There once was a time -not all that long ago- that robots ruling the world was the stuff of science fiction nightmares. In countless books and movies, imaginative writers gave us not-so-subtle warnings about the potential consequences of a robot revolution.

Though whilst we may not have fallen prey to a killing spree at the hands of artificial intelligence à la 2004 blockbuster i, Robot, it’s hard to deny that computers and robot-like technology have had a significant impact on society over the last decade or so.

From self-service checkouts in supermarkets to self-service check-ins at the airport, automation is everywhere in 2016, and despite manufacturers’ claims that this is all to make our lives easier, it’s ultimately humans who are left to suffer the consequences of this not-quite-hostile takeover.

Expected Job Losses

Earlier this year, the UK’s ‘Guardian newspaper reported that British retailers were expected to either raise prices or cut large numbers of jobs in the wake of the government’s March 2016 Annual Budget.

Whilst raising prices was certainly considered, the article’s writer, Sean Farrell suggests that a more likely option will the job cuts, with many supermarket workers ultimately being ‘replaced’ by an increased number of self-service checkouts.

When you go to a supermarket today you already see self-checkouts which have reduced labour intensive costs and I would expect that kind of automation to increase quicker than anticipated,” says Sven Reinke, an analyst at Moody’s Analytics, who Ferrell quotes in the article.

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Automation In The Digital Banking Age

The supermarket workers are not alone in being replaced by automated software and robot technology though. In The Telegraph, Alan Tovey quoted figures which estimated that an almost unfathomable ten million British jobs could be taken over by artificial intelligence by 2034, and though Tovey’s piece suggests that low paid, repetitive jobs will be the first to be replaced, it certainly seems that no worker in any industry is quite safe.

Next on the proverbial chopping block? The banking industry.

In March 2016, the Royal Bank of Scotland announced plans to cut 550 front-line jobs, with in-branch advisors making up the majority of employees facing life among Britain’s large population of unemployed workers.

In their place? New financial software and digital banking solutions which will enable more automation and increased presence of self-service kiosks, all running at a lower cost than the institutions current wage bill.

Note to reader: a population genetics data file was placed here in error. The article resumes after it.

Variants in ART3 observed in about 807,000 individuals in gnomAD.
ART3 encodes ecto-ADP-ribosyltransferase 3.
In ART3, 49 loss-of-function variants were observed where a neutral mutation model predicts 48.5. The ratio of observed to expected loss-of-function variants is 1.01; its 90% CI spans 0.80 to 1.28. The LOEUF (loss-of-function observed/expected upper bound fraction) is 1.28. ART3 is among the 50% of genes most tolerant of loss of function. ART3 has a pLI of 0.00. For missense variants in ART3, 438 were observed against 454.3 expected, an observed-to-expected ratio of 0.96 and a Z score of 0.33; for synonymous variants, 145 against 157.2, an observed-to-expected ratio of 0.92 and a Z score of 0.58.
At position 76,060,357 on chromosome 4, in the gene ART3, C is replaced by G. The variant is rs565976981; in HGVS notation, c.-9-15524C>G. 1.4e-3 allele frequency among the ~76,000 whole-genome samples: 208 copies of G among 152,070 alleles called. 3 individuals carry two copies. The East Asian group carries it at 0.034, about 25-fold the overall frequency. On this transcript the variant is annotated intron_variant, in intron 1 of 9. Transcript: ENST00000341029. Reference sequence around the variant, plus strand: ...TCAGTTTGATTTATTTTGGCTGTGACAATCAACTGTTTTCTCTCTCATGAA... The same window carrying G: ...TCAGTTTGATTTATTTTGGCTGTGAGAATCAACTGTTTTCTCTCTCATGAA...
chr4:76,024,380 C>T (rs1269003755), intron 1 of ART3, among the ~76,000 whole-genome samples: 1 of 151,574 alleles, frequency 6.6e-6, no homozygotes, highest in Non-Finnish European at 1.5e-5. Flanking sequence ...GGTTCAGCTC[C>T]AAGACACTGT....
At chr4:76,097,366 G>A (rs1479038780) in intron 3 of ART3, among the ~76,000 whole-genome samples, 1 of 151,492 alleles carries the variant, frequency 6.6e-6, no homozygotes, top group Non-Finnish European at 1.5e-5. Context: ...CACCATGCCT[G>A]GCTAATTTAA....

Meeting Customer Demands

Though the move is no doubt designed to cut costs in response to the company’s eighth consecutive year of multi-billion pound losses an RBS spokesman insisted that the introduction of new ‘robo advisors’ and other digital banking tools was designed to meet customer demand.

“Our customers increasingly want to bank with us using digital technology,” said the spokesman. “As a result, we are scaling back our face-to-face advisers and significantly investing in an online investing platform that enables us to help a new group of customers with as little as £500 to invest.”

Yet whilst self-service in banks may certainly have its place, many industry experts and customers say that actual human interaction is equally as important when it comes to the actual in-branch experience. After all, having a robot scan a few groceries is one thing, using that same robot -or at least the software behind it- to make big financial decisions, is quite another.

The Option For Human Interaction

Speaking to Forbes in 2014, Richelle Messick of US banking firm Wells Fargo said that the brand’s customers ‘tell us they want…the option to meet with our team members, particularly when conducting complex business, or seeking financial advice.”

In 2016 Britain, this is certainly true too; things like making payments, checking balances and withdrawals may be straight-forward enough to be dealt with by financial software, but for anything elses, the majority of high-street banking customers still prefer face-to-face contact with a specialist.

What is perhaps especially baffling, is that there are financial software solutions out there capable of empowering banks to deliver both effectively and in a cost efficient manner.

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One Step Closer To The Revolution

Not that RBS seems too concerned. For all intents and purposes, the company seems pretty gung-ho about their new plans, plans which could well drive customers who prefer human interaction in branches towards those banks still willing to provide it.

The only danger of course, is that if RBS is somehow successful in its plans, other banks could well be inspired to follow suite, finally sending the finance industry down the same road as the retail sector, and perhaps driving us all one step closer to the robot revolution sci-fi writers have tried for so long to warn us against.

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